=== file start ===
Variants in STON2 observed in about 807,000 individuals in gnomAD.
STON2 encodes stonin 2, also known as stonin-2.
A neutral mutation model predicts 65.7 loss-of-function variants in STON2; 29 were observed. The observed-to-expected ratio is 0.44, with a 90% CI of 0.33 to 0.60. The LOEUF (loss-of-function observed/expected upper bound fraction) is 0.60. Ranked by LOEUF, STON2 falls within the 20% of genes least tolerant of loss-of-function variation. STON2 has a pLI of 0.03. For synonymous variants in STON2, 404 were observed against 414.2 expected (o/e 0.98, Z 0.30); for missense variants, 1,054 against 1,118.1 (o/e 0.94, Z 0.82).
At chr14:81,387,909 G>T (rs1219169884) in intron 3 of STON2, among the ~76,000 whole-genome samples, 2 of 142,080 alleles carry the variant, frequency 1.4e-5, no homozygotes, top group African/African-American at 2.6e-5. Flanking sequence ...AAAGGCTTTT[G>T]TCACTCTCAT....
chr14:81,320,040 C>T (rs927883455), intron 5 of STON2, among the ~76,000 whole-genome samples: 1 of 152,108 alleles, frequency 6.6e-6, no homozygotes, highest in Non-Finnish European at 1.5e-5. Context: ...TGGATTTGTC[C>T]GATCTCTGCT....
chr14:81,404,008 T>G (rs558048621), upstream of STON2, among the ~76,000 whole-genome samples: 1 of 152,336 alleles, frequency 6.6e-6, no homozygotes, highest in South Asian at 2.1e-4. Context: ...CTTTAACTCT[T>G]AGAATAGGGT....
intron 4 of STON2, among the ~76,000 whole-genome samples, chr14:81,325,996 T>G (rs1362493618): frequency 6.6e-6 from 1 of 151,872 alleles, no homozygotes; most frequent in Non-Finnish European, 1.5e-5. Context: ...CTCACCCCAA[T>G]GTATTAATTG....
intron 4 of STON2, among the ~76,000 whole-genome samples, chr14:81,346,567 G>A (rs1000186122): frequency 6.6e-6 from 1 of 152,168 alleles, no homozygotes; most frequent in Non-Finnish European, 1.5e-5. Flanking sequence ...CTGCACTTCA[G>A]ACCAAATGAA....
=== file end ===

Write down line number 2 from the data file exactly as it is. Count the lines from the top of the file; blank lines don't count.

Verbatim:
STON2 encodes stonin 2, also known as stonin-2.